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Lithuanian Evangelical Reformed Church

From Wikipedia, the free encyclopedia

The Evangelical Reformed Church of Lithuania or latin: "Unitas Lithuaniae"; polish: "Jednota Litewska" (Lithuanian: Lietuvos evangelikų reformatų bažnyčia) is a Reformed denomination in Lithuania which uses Presbyterian polity.

History

The church was founded on December 14, 1557, during the Synod of Vilnius. The General synod met annually in Lithuania from that date. Started with 2 later grew to six districts Synods. The church's Latin name is the " Unitas Lithuaniae " shortly UL. It sent its representatives to the Polish-Lithuanian Commonwealth. But the UL was an independent denomination. The parish network covered all parts of the Grand Duchy of Lithuania. The first superintendent was Szymon Zacjusz. In 1565, the anti-Trinitarian Lithuanian brotherhood separated from the Reformed church.

Parishes were in Vilnius, Biržai, Švobiškis (Pasvays region); Nemunėlio Radviliškis (Biržai region); Salamiestis (Kupiškis region) Kėdainiai, Slutsk, Dzyarzhynsk (Koydanava), Zabłudów and later in Izabelin (Belarusian: Ізабэлін). Before World War II, the church had 10,000 believers; in 2012 it had approximately 7,000 in 14 congregations.[1] In 1922 the denomination become a member of the World Communion of Reformed Churches.[2]

Theology

The church adheres to the Sandomierz Confession (Confessija Sandomierska) (1570), Second Helvetic Confession (1562), Heidelberg Catechism (1563). These are in Lithuanian and Polish language. The Sandomierz Confession was based on the Second Helvetic Confession and adopted by the Polish-Lithuanian General Synod, and was approved later by the Evangelical Reformed Church of Lithuania. The Great Gdansk Agenda (1637) is a liturgical book approved and adopted by the Unitas Lithuaniae.[3]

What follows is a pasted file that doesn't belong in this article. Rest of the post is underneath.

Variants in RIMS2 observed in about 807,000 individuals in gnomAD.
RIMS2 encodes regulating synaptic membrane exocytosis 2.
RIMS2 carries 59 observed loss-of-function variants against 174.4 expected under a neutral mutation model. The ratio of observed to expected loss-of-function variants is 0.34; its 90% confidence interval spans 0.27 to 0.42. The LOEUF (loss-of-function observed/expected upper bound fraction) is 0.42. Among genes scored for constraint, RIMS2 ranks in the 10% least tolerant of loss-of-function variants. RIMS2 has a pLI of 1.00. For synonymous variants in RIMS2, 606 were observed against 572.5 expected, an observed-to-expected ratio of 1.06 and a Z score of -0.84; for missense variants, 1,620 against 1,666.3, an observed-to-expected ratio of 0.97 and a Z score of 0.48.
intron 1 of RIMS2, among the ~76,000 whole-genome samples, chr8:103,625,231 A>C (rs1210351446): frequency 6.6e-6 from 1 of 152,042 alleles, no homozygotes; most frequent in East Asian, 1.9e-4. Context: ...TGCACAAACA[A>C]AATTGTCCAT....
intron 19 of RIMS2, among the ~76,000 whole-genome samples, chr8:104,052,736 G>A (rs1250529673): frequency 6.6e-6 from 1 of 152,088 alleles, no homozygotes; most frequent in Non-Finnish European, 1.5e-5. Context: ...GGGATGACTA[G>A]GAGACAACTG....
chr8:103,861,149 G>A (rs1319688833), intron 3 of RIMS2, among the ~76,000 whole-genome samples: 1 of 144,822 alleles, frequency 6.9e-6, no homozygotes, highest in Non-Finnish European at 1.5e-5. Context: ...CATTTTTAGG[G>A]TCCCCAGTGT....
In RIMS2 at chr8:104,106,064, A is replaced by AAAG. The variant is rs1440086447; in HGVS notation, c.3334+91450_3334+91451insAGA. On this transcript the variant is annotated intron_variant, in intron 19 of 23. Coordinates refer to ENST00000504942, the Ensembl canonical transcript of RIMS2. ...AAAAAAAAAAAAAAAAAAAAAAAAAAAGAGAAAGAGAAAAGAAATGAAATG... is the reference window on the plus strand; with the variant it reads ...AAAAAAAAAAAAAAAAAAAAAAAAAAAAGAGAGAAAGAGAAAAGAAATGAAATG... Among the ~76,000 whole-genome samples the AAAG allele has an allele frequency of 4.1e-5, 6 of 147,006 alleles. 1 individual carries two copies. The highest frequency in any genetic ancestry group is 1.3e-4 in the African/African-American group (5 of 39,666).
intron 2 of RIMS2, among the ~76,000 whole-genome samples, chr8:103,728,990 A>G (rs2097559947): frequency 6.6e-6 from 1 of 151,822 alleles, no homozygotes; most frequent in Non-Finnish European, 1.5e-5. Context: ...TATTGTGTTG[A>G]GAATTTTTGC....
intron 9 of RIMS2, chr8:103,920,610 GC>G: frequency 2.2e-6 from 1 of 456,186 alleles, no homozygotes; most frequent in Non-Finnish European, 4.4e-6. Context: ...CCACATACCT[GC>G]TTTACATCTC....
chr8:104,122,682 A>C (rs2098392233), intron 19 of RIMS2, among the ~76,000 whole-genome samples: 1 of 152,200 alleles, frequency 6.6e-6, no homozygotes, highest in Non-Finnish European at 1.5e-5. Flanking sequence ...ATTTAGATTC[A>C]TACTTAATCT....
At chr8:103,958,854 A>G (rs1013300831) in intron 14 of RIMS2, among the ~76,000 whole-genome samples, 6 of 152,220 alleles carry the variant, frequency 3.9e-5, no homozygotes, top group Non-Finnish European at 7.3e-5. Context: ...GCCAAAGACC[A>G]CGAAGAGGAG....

International organisations

The church is a member of the World Communion of Reformed Churches and has fraternal relationships with the Reformed Church in Hungary, the Church of Lippe. Denominational member of the World Reformed Fellowship.[4]

Churches

In Lithuania, churches can be found in Biržai, Vilnius, Papilys, Kaunas, Nemunėlio Radviliškis, Švobiškis, Šiauliai, Panevėžys, Kėdainiai, Salamiestis, Kelmė.

See also

Religion in Lithuania

References

  1. ^ "Archived copy". Archived from the original on 2012-09-07. Retrieved 2013-02-08.CS1 maint: archived copy as title (link)
  2. ^ www.wcrc.ch/node/164 Archived 2012-08-08 at the Wayback Machine
  3. ^ "Archived copy". Archived from the original on 2014-02-02. Retrieved 2013-04-10.CS1 maint: archived copy as title (link)
  4. ^ "Archived copy". Archived from the original on 2012-07-30. Retrieved 2013-02-15.CS1 maint: archived copy as title (link)

External links

This page was last edited on 29 April 2020, at 05:54
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